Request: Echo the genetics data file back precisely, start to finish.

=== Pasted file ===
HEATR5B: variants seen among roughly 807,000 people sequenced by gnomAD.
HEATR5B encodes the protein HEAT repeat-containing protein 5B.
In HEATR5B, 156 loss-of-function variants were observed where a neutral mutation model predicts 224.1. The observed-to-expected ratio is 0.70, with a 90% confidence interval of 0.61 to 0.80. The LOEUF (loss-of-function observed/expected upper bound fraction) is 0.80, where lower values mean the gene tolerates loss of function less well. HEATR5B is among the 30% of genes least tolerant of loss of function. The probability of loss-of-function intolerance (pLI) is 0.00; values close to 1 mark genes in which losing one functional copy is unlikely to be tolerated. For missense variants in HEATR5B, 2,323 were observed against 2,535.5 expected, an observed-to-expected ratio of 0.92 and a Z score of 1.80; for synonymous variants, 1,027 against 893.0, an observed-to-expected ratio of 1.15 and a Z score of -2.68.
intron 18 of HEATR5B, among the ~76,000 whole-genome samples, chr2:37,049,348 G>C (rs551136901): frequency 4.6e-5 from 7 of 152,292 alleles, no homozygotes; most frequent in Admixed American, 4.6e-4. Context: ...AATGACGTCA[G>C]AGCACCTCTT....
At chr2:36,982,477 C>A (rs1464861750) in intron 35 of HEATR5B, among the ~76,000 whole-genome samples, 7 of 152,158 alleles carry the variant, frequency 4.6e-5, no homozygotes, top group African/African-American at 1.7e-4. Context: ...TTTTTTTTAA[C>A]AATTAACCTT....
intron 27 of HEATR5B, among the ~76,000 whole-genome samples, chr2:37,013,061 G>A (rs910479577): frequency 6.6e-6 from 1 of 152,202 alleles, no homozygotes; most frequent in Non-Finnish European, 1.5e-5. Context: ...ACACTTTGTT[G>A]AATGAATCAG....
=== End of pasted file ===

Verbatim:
HEATR5B: variants seen among roughly 807,000 people sequenced by gnomAD.
HEATR5B encodes the protein HEAT repeat-containing protein 5B.
In HEATR5B, 156 loss-of-function variants were observed where a neutral mutation model predicts 224.1. The observed-to-expected ratio is 0.70, with a 90% confidence interval of 0.61 to 0.80. The LOEUF (loss-of-function observed/expected upper bound fraction) is 0.80, where lower values mean the gene tolerates loss of function less well. HEATR5B is among the 30% of genes least tolerant of loss of function. The probability of loss-of-function intolerance (pLI) is 0.00; values close to 1 mark genes in which losing one functional copy is unlikely to be tolerated. For missense variants in HEATR5B, 2,323 were observed against 2,535.5 expected, an observed-to-expected ratio of 0.92 and a Z score of 1.80; for synonymous variants, 1,027 against 893.0, an observed-to-expected ratio of 1.15 and a Z score of -2.68.
intron 18 of HEATR5B, among the ~76,000 whole-genome samples, chr2:37,049,348 G>C (rs551136901): frequency 4.6e-5 from 7 of 152,292 alleles, no homozygotes; most frequent in Admixed American, 4.6e-4. Context: ...AATGACGTCA[G>C]AGCACCTCTT....
At chr2:36,982,477 C>A (rs1464861750) in intron 35 of HEATR5B, among the ~76,000 whole-genome samples, 7 of 152,158 alleles carry the variant, frequency 4.6e-5, no homozygotes, top group African/African-American at 1.7e-4. Context: ...TTTTTTTTAA[C>A]AATTAACCTT....
intron 27 of HEATR5B, among the ~76,000 whole-genome samples, chr2:37,013,061 G>A (rs910479577): frequency 6.6e-6 from 1 of 152,202 alleles, no homozygotes; most frequent in Non-Finnish European, 1.5e-5. Context: ...ACACTTTGTT[G>A]AATGAATCAG....